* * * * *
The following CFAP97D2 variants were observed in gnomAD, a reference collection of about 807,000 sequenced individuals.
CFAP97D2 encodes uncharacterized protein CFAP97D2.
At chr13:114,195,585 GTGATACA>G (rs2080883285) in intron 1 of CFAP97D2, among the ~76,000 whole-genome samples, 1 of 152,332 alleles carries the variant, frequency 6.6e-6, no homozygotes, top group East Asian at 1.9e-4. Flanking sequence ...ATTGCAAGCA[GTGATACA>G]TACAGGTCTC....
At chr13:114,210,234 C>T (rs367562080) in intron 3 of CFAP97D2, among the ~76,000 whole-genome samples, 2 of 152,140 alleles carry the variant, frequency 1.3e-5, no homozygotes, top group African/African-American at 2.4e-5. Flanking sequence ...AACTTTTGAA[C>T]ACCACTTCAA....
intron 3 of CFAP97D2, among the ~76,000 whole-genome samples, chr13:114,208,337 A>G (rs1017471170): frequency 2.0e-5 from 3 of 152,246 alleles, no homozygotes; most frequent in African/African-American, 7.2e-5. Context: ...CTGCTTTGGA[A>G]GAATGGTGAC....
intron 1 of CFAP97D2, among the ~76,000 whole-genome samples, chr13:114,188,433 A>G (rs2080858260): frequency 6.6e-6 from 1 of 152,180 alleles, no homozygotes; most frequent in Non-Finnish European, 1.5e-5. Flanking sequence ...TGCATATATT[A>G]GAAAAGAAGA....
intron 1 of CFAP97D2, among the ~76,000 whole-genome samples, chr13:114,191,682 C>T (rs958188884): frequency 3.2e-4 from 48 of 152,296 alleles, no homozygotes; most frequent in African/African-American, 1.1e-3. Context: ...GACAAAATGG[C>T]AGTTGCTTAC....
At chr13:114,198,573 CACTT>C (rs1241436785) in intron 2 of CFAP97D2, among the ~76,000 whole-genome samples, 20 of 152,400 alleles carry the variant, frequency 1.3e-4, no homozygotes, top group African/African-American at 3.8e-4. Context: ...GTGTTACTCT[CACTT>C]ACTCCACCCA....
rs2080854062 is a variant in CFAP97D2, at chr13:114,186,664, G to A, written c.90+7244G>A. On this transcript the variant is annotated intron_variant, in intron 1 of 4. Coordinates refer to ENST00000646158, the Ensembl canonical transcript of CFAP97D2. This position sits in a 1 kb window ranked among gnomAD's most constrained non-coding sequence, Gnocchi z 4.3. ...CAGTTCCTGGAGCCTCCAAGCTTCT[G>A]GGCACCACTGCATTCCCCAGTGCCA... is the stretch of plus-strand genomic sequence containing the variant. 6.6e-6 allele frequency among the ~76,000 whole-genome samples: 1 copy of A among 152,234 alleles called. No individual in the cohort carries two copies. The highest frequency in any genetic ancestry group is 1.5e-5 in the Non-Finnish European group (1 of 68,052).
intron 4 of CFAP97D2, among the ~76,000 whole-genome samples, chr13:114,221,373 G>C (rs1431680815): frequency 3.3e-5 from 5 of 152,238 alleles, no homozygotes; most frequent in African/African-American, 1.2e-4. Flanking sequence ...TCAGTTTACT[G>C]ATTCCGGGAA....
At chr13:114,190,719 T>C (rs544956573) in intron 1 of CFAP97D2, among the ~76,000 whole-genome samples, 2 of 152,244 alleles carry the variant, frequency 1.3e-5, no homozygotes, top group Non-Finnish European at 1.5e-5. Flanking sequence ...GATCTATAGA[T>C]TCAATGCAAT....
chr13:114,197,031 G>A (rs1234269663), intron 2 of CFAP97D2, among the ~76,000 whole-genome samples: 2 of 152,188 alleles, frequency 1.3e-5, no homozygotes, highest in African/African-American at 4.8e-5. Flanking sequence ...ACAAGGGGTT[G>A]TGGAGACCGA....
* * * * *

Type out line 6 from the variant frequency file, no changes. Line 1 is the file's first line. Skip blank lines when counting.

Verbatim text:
intron 1 of CFAP97D2, among the ~76,000 whole-genome samples, chr13:114,188,433 A>G (rs2080858260): frequency 6.6e-6 from 1 of 152,180 alleles, no homozygotes; most frequent in Non-Finnish European, 1.5e-5. Flanking sequence ...TGCATATATT[A>G]GAAAAGAAGA....